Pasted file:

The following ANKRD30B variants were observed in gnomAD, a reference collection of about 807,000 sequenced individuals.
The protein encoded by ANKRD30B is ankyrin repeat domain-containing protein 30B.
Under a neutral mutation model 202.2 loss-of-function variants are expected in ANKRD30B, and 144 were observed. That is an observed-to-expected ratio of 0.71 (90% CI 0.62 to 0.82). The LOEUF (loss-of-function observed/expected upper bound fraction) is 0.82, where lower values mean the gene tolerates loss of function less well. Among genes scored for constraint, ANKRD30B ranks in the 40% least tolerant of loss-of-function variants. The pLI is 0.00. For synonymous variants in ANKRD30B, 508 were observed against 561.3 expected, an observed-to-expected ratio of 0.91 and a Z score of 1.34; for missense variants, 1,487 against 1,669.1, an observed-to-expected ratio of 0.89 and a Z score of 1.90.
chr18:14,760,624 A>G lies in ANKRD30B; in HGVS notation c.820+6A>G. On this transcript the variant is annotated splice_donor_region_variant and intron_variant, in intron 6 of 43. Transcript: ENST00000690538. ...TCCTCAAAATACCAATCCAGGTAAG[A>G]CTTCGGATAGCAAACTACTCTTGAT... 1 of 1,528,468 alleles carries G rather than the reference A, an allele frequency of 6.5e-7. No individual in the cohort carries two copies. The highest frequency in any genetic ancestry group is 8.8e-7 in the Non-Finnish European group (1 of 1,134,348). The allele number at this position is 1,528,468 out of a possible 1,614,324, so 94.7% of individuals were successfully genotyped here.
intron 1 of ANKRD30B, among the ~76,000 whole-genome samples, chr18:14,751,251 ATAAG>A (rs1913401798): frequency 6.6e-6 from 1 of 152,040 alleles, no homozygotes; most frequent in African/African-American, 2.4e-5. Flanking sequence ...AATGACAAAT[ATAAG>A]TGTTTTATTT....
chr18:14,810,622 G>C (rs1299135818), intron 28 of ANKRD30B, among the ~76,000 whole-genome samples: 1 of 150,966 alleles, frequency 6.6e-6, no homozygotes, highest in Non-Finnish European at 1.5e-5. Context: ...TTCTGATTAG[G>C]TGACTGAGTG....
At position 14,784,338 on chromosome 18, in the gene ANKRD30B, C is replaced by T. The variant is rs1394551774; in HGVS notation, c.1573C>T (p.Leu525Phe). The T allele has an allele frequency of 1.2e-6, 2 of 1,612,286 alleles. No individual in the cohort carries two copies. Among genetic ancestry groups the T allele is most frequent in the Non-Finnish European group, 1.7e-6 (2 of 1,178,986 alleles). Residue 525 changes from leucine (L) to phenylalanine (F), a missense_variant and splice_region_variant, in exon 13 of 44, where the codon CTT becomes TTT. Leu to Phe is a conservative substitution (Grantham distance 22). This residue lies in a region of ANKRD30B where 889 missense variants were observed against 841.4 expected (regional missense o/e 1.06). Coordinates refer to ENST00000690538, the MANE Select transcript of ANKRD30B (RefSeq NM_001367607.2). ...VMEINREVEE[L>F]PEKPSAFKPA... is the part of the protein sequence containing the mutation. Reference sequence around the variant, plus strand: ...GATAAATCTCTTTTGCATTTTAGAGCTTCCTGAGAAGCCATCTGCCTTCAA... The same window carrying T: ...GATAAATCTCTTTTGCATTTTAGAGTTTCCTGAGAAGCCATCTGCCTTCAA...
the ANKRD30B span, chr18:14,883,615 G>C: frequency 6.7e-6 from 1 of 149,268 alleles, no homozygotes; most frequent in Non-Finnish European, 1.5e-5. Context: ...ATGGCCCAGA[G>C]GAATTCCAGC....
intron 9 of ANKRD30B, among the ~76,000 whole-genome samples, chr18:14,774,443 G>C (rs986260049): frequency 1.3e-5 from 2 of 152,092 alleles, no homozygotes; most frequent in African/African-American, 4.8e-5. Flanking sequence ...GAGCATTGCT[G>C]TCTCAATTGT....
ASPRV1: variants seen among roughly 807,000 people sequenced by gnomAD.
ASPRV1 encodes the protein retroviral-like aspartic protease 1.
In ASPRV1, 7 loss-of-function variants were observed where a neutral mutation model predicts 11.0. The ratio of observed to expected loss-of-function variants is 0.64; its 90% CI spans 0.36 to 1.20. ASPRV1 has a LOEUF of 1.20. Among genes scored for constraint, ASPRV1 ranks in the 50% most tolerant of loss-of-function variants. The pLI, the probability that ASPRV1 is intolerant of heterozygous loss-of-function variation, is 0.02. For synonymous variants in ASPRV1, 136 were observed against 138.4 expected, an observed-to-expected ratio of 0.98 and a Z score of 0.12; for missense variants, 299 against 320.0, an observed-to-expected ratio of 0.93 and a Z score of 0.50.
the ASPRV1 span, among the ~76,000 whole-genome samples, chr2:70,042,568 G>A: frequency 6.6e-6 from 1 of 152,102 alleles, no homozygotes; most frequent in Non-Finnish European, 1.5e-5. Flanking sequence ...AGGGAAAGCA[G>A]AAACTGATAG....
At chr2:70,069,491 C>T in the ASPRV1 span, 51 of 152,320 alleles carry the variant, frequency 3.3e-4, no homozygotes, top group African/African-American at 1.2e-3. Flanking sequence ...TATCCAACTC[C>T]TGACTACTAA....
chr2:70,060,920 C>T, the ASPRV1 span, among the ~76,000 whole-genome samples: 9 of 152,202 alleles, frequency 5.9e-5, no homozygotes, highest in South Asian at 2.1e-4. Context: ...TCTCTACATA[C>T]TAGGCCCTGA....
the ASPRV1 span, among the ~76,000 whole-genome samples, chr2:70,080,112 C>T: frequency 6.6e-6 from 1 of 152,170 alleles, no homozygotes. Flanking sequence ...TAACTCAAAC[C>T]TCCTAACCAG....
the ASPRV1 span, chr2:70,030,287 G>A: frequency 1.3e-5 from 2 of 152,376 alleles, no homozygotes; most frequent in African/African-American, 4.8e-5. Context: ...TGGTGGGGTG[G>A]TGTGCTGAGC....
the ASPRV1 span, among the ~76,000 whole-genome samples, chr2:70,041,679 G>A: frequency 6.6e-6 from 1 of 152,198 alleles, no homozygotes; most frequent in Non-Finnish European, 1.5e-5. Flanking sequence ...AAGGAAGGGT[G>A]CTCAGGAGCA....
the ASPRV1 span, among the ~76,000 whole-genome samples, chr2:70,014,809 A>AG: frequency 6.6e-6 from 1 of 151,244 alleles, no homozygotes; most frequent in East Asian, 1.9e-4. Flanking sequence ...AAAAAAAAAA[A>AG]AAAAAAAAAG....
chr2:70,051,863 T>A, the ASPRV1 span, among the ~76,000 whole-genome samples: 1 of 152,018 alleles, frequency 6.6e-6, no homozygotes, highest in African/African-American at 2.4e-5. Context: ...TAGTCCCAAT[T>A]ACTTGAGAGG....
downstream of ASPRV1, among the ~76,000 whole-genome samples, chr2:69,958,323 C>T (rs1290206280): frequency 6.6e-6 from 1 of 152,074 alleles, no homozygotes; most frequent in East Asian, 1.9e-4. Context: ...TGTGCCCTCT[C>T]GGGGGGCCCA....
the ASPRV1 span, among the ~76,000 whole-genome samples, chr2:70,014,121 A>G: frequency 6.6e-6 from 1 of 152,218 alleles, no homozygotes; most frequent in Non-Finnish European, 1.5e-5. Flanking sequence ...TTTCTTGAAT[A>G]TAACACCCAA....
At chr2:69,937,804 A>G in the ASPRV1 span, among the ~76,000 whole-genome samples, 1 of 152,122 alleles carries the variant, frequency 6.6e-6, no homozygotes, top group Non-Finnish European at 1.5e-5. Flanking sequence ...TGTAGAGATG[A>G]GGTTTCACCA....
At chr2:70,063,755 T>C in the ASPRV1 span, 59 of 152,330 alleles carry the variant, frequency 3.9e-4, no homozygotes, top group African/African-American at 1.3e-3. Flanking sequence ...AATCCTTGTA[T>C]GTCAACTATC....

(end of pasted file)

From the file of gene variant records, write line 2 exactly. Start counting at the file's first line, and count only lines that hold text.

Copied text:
The protein encoded by ANKRD30B is ankyrin repeat domain-containing protein 30B.